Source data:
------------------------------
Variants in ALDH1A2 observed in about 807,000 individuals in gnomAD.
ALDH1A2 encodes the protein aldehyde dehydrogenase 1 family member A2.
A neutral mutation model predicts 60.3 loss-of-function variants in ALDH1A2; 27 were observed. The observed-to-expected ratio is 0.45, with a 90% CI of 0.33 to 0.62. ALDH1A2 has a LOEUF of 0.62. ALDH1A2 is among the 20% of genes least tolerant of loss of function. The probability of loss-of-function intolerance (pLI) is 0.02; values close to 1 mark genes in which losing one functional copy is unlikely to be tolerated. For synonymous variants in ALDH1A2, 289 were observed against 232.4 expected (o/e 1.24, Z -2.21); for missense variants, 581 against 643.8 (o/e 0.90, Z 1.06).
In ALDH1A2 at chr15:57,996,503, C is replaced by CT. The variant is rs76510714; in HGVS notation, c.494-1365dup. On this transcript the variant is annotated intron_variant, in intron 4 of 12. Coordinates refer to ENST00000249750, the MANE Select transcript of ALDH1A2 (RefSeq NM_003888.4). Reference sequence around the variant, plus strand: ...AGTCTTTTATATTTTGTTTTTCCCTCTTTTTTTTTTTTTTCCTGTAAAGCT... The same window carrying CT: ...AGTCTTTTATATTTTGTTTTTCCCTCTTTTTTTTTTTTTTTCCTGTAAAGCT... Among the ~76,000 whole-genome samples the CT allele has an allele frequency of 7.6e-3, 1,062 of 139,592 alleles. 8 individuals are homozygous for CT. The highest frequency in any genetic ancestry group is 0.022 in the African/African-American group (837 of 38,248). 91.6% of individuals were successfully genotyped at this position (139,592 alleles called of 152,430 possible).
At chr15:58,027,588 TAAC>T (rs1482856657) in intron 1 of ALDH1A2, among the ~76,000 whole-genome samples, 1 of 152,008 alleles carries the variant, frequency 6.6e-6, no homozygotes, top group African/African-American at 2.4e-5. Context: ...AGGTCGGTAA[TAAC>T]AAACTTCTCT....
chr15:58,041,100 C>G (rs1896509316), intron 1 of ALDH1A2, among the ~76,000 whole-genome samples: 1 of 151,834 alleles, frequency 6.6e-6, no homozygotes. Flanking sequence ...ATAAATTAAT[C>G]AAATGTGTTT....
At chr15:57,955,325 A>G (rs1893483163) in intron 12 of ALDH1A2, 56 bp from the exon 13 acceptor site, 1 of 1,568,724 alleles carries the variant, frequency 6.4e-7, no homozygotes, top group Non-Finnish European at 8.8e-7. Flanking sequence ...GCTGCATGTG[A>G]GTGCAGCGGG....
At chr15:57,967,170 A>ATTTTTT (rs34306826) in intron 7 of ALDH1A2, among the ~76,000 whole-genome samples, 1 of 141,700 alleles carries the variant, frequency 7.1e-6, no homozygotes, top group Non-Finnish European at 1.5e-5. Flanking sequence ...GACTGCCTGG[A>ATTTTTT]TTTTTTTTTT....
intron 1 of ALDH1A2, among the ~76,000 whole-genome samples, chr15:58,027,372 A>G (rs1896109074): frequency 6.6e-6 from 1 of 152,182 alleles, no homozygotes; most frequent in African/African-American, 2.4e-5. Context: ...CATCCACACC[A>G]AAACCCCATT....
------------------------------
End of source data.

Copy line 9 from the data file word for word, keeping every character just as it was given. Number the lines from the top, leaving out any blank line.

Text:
intron 1 of ALDH1A2, among the ~76,000 whole-genome samples, chr15:58,027,372 A>G (rs1896109074): frequency 6.6e-6 from 1 of 152,182 alleles, no homozygotes; most frequent in African/African-American, 2.4e-5. Context: ...CATCCACACC[A>G]AAACCCCATT....